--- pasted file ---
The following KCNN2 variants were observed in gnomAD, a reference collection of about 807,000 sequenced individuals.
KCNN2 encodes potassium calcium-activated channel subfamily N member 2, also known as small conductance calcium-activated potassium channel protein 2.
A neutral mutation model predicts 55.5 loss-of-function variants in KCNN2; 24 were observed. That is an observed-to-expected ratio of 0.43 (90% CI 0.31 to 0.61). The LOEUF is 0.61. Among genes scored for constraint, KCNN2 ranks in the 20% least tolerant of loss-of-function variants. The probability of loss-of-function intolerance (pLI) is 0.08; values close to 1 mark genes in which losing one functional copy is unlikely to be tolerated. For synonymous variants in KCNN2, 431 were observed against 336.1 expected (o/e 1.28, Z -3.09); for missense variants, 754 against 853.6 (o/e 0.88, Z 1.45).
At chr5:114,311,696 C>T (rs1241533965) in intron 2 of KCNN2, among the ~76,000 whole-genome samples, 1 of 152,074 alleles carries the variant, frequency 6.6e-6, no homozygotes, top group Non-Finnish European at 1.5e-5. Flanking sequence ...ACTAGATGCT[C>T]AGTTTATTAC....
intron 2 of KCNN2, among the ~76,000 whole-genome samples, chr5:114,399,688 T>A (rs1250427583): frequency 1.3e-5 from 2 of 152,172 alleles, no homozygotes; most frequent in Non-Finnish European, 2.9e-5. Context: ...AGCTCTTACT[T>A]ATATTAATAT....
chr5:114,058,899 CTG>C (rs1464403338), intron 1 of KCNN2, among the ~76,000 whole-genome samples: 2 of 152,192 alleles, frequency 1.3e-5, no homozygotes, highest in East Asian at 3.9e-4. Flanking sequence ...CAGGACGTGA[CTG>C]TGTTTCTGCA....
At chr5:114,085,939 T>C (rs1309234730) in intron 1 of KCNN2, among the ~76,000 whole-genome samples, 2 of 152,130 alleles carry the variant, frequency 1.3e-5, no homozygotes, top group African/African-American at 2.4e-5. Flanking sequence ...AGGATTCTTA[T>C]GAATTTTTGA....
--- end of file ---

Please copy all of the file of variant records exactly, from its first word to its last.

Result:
The following KCNN2 variants were observed in gnomAD, a reference collection of about 807,000 sequenced individuals.
KCNN2 encodes potassium calcium-activated channel subfamily N member 2, also known as small conductance calcium-activated potassium channel protein 2.
A neutral mutation model predicts 55.5 loss-of-function variants in KCNN2; 24 were observed. That is an observed-to-expected ratio of 0.43 (90% CI 0.31 to 0.61). The LOEUF is 0.61. Among genes scored for constraint, KCNN2 ranks in the 20% least tolerant of loss-of-function variants. The probability of loss-of-function intolerance (pLI) is 0.08; values close to 1 mark genes in which losing one functional copy is unlikely to be tolerated. For synonymous variants in KCNN2, 431 were observed against 336.1 expected (o/e 1.28, Z -3.09); for missense variants, 754 against 853.6 (o/e 0.88, Z 1.45).
At chr5:114,311,696 C>T (rs1241533965) in intron 2 of KCNN2, among the ~76,000 whole-genome samples, 1 of 152,074 alleles carries the variant, frequency 6.6e-6, no homozygotes, top group Non-Finnish European at 1.5e-5. Flanking sequence ...ACTAGATGCT[C>T]AGTTTATTAC....
intron 2 of KCNN2, among the ~76,000 whole-genome samples, chr5:114,399,688 T>A (rs1250427583): frequency 1.3e-5 from 2 of 152,172 alleles, no homozygotes; most frequent in Non-Finnish European, 2.9e-5. Context: ...AGCTCTTACT[T>A]ATATTAATAT....
chr5:114,058,899 CTG>C (rs1464403338), intron 1 of KCNN2, among the ~76,000 whole-genome samples: 2 of 152,192 alleles, frequency 1.3e-5, no homozygotes, highest in East Asian at 3.9e-4. Flanking sequence ...CAGGACGTGA[CTG>C]TGTTTCTGCA....
At chr5:114,085,939 T>C (rs1309234730) in intron 1 of KCNN2, among the ~76,000 whole-genome samples, 2 of 152,130 alleles carry the variant, frequency 1.3e-5, no homozygotes, top group African/African-American at 2.4e-5. Flanking sequence ...AGGATTCTTA[T>C]GAATTTTTGA....